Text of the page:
One motivation for the project, Kavan said, was to preserve climbing environments that see a lot of activity from regular climbers. Over time, routes will begin to weather away with people wearing them down, he said.
"The rock is taking a toll," Kavan said. "The climbers are practicing over and over again until they get it but it is kind of destroying the rock."
For Kavan, an inspiration during the project was the infamous 2006 climb of the Delicate Arch by Dean Potter. The climb gained negative attention from the public, and the arch has since been off-limits to climbers.
While costs continue to prohibit larger scale fabrications, Kavan said he hopes that one day he'll be able to climb a model of the arch without causing public controversy.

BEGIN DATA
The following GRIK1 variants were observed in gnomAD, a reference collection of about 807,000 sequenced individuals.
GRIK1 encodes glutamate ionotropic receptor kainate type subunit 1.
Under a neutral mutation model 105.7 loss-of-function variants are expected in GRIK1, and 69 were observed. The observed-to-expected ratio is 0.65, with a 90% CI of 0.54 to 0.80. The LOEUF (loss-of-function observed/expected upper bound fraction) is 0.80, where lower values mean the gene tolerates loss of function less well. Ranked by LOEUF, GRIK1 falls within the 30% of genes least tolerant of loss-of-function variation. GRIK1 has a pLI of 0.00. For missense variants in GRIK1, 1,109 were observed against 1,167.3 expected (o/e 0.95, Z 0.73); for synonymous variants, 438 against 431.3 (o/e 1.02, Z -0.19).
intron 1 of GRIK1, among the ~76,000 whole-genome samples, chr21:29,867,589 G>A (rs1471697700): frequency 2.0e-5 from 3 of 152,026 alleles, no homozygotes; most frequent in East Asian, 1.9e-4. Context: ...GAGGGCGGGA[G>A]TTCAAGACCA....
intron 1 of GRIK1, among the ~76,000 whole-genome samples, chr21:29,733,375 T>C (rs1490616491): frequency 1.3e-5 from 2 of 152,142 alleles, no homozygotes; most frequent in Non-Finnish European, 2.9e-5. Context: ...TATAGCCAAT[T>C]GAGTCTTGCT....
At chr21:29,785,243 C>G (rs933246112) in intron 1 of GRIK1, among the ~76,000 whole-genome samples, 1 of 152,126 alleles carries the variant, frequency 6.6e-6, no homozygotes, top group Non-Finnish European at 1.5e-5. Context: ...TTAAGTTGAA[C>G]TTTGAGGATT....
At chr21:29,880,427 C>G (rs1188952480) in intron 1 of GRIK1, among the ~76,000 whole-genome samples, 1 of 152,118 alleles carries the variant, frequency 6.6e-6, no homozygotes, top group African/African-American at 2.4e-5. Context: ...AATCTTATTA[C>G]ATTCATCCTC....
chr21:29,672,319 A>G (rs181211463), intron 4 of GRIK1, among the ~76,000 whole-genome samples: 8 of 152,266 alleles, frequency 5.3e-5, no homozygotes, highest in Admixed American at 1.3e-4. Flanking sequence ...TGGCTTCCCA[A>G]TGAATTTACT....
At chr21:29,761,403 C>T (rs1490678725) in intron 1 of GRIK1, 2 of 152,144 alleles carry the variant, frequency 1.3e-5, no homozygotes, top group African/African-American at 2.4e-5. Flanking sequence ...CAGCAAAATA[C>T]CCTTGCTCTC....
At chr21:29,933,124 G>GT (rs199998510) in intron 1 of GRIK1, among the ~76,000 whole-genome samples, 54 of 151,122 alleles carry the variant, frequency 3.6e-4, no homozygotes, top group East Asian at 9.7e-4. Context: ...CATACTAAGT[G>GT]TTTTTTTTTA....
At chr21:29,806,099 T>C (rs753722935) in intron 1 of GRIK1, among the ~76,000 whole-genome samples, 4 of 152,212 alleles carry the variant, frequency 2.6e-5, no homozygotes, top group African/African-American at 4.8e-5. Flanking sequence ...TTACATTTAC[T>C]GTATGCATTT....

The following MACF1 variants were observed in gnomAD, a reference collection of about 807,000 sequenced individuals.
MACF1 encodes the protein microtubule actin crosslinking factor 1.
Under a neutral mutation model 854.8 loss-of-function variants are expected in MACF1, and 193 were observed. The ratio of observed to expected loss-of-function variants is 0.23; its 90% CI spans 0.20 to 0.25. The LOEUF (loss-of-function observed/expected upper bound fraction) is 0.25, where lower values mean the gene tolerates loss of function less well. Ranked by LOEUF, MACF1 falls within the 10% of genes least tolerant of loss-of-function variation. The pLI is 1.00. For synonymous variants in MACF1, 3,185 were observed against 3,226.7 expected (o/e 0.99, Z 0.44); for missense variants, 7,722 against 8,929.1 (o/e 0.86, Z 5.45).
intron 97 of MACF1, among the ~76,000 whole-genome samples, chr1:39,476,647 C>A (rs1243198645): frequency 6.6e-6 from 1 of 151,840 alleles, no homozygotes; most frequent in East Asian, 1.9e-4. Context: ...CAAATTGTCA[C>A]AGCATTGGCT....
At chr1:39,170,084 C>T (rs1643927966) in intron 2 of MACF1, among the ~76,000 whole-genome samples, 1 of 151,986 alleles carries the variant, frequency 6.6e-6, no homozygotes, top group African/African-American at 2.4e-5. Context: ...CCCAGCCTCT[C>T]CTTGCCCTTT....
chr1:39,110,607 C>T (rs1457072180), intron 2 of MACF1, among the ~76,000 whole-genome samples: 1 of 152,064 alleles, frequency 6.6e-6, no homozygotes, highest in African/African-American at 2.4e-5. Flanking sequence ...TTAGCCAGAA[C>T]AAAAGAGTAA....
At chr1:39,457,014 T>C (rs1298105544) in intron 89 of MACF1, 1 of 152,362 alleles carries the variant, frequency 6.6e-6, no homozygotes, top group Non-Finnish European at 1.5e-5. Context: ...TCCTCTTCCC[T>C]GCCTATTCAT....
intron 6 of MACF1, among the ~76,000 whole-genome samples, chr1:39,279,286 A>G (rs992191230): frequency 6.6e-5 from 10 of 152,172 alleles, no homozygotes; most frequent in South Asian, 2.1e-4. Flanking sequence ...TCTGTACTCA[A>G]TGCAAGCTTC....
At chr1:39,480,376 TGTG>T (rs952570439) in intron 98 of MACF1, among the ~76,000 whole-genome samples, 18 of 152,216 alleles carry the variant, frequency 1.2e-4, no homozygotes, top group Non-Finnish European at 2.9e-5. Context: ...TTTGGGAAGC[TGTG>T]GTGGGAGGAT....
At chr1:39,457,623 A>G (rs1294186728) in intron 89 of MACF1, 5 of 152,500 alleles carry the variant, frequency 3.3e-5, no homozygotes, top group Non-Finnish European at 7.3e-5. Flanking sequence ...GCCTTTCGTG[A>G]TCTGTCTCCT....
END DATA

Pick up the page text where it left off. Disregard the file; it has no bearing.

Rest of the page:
"If you can take things that aren't even accessible and you don't even have access at all and still be able to bring it to your gym, it's exciting to us," Whiting said.
The process might one day harness the power of the crowd, she said, with climbers going out and photographing their climbs, then submitting their photos to a database where computer scientists can map the routes and store the 3-D models for users on the other side of the world to print and use.
The team has only just begun to take on the challenges of environmental printing, but the researchers are already looking at other possible applications.
Kavan said he believes 3-D modeling could potentially be useful for re-creating archeological sites for museums and perhaps even for mapping out crime scenes for forensic study.